WORST ROOMATE EVER: Personal Alarms, Period Blood And A Prison Room Intervention

If you think you've had a roommate from hell...try being in prison.
Publish date:
May 29, 2015
prison, Manhattan Madam, Kristin Davis, Worst Roommate Ever, Federal Prison

I live in a teeny-tiny closet sized 12ft x 8ft cell with 2 other women (imagine living in a space the size of a mini-van with 2 other people). I have a small 3ft x 3ft locker to store all of my things: clothes, toiletries, books, letters and food. I share a toilet with my cell-mates that is out in the open with no walls or doors (say hello to no privacy).

Somehow, I have made this all do-able. And, I've adjusted.

However, what is not do-able is when my cellmate turns out to be an early 20's something, loud, immature, highly irrational, insanely irresponsible nutjob.

Take 1 cup teeny space combined with 1 cup of crazy cellmate and you get a recipe for disaster.

And that's what I'm living in.

Yesterday, we had a "room intervention."

A room intervention is when a senior inmate (we call them senior guides here) intervenes in a volatile room situation to mediate to try and make the room livable.

Last night, I spent 3 hours in a room intervention listening to my cellmate's temper tantrum and having her scream at me to "get the f**** out of her room."

This was the exploding point for an already heated situation that began by me asking for some consideration in our morning get-up rituals.

My cellmate is supposed to start work in the kitchen at 3:45 am. For 4 weeks straight she has either slept thru her alarm or her alarm didn't go off because the batteries are too low (and she refuses to replace them because she wastes her money on junk food).

Regardless, she doesn't wake up for work.

And this causes a huge problem.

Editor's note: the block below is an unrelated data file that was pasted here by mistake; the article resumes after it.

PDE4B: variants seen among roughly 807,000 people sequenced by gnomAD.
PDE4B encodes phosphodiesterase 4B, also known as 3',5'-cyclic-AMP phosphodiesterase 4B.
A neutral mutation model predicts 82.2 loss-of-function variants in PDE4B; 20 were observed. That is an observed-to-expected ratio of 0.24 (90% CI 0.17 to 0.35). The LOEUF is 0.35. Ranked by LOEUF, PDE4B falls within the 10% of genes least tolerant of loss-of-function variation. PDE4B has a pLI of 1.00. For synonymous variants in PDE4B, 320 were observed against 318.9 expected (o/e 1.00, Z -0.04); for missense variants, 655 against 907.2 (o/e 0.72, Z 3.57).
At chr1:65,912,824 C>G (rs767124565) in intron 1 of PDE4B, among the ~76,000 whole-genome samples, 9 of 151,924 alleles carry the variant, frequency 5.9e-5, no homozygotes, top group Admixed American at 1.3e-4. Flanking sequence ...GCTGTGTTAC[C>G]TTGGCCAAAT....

Our 4 am count is done by unit. Because she starts work before 4 am she is not supposed to be in our unit for that count -- she is "counted" in the kitchen.

The officers here have to clear count and make sure the inmates are properly accounted for and in their right location. That is their job.

My cellmates inability to get up means that the officer on duty has to come to our room to wake her up.

From the hours of 3:15 am to close to 4 am the officer comes by my cell repeatedly to force my cell-mate to get up.Usually, this starts with a small knock on the door and the flashing of a extraordinarily bright blinding light into the room. This alone is not enough to wake her.

The next time the officer comes around he pounds on the door 8 or so times with enough force to scare the crap out of me (a few times I've gotten up and answered the door).

He then opens the door and YELLS at her loudly to get up. I usually ask her to get up at that time also.

This is still not enough.

On the officer's 3rd round, the round where he is obviously pissed because its nearly count time and he can't clear his count, he pounds on the door like he is going to break it down. Then he opens the door to yell at her and wait for her to get up. He spends the next 6-7 minutes at our door yelling at her, rushing her and telling her she is lucky he doesn't give her a shot (disciplinary action that sends you to lockdown) for delaying count.

Of course, this is extremely draining when it happens 4 times out of the week; and, it affects our entire cell as my other cellmate is just as exhausted as I am. It also causes her to sleep later than usual, thus cutting into my mirror time leaving me with under 3 minutes in the sink/mirror, which is barely enough time to brush my teeth.

Rather then continue to live like this, I nicely asked my cellmate if she could please try to fix her alarm so that the officer could stop waking up the entire room. I even offered to let her use my alarm clock or buy her batteries.

She did not want to accept my help, to say the least.

She got obscenely loud, raising her voice and causing a total scene, telling me that if I didn't like the way she chose to wake up she would run to the unit counselor to get me moved.